How do I get started on a fitness routine?

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Before beginning any exercise program, you should see your health care provider for a physical and medical clearance. If you are using a personal trainer, be sure that the personal trainer you choose puts you through a comprehensive assessment to evaluate medical history, personal goals and look at your current physical status.

If you are not using a personal trainer, always begin and progress slowly. Begin with light weight, higher repetitions at a slow and controlled tempo at first. This will help prepare your body for the stress of strength training and correct poor movement patterns.  Stay at this lower level of intensity for 4-6 weeks as this will allow for optimal adaptation time. After this you can begin increasing the intensity and durations of the workouts.

Vary workouts to include both cardiovascular and weight training. Some days can be more focused on weight training while others can be focused on cardiovascular training. Make the exercise fun, but working out with a friend. Several studies show that social support greatly improves workout participation rate.

 

Congratulations on making the commitment to yourself and taking charge of your body. 

For a full understanding of your health status and general fitness before starting a fitness program, you should see your health care provider for a physical and medical clearance.

The following will help you get started and stick to a fitness program.

To prevent injuries when starting your fitness program, meet with a NASM certified personal trainer for a dynamic postural assessment.  A dynamic postural assessment observes your basic body movements, how your muscles and joints work together, and to look for any imbalances or dysfunctions in your posture alignment that can be corrected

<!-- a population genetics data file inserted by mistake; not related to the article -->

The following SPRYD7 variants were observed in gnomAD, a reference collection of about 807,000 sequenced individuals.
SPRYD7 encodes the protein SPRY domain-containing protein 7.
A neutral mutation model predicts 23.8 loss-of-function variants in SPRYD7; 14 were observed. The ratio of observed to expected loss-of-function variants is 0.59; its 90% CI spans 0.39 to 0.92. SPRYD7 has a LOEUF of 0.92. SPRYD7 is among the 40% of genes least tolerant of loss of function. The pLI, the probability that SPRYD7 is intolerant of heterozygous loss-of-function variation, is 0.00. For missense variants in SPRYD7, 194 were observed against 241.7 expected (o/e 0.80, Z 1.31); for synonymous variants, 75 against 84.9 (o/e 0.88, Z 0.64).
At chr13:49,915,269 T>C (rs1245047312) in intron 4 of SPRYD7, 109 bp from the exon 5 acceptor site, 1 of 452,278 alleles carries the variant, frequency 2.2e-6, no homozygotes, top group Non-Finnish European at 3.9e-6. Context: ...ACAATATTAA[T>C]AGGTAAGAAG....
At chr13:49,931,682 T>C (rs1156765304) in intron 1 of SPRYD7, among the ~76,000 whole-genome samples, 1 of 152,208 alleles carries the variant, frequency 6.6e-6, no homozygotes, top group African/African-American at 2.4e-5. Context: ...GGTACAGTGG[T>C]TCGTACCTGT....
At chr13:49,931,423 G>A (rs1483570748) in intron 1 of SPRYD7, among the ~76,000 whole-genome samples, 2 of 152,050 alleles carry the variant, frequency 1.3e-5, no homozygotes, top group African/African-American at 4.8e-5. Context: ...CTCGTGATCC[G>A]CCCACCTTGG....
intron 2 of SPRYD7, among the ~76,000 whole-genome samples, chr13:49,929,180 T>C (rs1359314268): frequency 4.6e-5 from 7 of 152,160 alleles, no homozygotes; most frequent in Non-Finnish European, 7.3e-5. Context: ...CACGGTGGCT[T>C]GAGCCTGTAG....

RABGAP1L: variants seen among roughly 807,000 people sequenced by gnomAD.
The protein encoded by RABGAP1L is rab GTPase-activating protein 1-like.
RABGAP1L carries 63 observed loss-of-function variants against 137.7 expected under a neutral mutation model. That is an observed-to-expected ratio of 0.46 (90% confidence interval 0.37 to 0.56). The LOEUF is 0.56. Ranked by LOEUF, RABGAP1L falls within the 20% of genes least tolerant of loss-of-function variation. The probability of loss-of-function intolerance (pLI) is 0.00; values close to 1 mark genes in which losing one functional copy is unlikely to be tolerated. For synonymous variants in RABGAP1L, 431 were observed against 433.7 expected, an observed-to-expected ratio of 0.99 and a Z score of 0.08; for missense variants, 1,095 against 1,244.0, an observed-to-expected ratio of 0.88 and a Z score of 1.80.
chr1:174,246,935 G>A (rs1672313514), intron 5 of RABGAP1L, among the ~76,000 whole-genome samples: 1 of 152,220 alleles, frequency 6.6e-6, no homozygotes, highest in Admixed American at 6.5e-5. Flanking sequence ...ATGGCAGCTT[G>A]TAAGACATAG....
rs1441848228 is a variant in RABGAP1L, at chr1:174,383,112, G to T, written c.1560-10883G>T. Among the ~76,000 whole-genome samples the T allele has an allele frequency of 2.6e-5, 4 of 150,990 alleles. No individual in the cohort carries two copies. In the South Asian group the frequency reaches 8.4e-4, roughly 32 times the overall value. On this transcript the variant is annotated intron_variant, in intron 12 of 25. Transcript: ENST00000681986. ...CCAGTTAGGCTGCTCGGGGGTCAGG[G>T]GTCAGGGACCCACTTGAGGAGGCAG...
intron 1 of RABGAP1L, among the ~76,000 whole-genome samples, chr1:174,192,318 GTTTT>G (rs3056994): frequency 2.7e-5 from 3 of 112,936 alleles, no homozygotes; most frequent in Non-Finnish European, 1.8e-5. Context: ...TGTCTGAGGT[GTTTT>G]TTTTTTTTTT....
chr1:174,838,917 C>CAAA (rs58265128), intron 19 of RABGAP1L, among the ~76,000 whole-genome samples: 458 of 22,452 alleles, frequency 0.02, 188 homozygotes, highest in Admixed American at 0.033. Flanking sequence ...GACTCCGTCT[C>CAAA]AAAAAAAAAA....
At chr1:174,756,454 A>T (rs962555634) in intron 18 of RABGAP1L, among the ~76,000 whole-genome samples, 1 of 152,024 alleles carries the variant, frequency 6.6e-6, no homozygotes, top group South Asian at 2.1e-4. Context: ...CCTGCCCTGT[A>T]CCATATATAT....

After completing your dynamic postural assessment, I highly recommend beginning your fitness program by completing (for 4 to 6 weeks) the stabilization endurance level of the NASM’s Optimum Performance Training (OPT) model.

The stabilization phase offers many benefits to prepare your body as you proceed into your fitness training.  The two best stabilization endurance training benefits I found are: preparing your body structure and connective tissues for the stress of strength training, and addressing and correcting restrictive flexibility, muscle imbalances and posture adjustments.

At this point of your training you will notice your mental health improving, while your body feels better and stronger, increasing your desire to commit to your program.

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Important: This content reflects information from various individuals and organizations and may offer alternative or opposing points of view. It should not be used for medical advice, diagnosis or treatment. As always, you should consult with your healthcare provider about your specific health needs.